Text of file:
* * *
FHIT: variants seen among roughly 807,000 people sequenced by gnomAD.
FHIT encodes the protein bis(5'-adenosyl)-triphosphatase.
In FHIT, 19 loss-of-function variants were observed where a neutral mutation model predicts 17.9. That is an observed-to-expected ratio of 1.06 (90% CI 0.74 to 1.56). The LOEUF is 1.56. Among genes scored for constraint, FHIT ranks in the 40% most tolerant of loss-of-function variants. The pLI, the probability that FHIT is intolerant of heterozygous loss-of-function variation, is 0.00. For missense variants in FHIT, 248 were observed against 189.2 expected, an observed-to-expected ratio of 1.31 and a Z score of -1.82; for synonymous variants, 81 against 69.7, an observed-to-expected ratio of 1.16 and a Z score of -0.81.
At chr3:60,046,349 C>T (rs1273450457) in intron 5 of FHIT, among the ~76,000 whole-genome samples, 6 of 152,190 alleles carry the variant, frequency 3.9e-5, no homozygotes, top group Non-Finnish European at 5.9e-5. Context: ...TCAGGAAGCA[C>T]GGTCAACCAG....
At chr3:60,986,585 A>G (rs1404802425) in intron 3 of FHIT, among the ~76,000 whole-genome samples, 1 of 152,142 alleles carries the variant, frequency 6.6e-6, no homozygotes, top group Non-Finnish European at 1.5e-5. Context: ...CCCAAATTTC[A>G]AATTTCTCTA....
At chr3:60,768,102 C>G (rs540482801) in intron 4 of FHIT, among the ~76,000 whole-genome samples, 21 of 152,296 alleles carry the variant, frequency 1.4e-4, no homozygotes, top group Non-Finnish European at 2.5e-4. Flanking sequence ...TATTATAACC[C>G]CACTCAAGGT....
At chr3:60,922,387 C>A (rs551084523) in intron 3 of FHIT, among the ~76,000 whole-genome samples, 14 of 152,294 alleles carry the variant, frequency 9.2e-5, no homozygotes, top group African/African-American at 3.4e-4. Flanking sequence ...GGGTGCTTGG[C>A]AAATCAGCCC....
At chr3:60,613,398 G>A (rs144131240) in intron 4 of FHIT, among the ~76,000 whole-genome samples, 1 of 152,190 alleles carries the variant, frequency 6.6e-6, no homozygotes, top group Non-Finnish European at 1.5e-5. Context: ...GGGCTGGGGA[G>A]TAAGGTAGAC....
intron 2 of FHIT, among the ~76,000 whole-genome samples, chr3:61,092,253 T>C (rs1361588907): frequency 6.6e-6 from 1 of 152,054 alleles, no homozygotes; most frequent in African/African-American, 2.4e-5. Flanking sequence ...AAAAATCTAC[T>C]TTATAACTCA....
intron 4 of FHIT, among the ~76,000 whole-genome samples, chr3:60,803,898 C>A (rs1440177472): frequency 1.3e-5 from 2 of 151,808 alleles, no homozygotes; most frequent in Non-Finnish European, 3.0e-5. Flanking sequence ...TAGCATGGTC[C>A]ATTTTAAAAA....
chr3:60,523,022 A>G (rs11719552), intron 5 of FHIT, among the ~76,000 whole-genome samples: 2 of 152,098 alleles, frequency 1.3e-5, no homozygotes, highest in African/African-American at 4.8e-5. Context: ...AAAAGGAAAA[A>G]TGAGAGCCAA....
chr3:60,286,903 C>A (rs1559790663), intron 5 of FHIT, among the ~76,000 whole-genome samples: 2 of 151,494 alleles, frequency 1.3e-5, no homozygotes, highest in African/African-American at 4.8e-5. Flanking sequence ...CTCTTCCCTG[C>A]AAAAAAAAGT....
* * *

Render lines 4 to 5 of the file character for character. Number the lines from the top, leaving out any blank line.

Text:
At chr3:60,046,349 C>T (rs1273450457) in intron 5 of FHIT, among the ~76,000 whole-genome samples, 6 of 152,190 alleles carry the variant, frequency 3.9e-5, no homozygotes, top group Non-Finnish European at 5.9e-5. Context: ...TCAGGAAGCA[C>T]GGTCAACCAG....
At chr3:60,986,585 A>G (rs1404802425) in intron 3 of FHIT, among the ~76,000 whole-genome samples, 1 of 152,142 alleles carries the variant, frequency 6.6e-6, no homozygotes, top group Non-Finnish European at 1.5e-5. Context: ...CCCAAATTTC[A>G]AATTTCTCTA....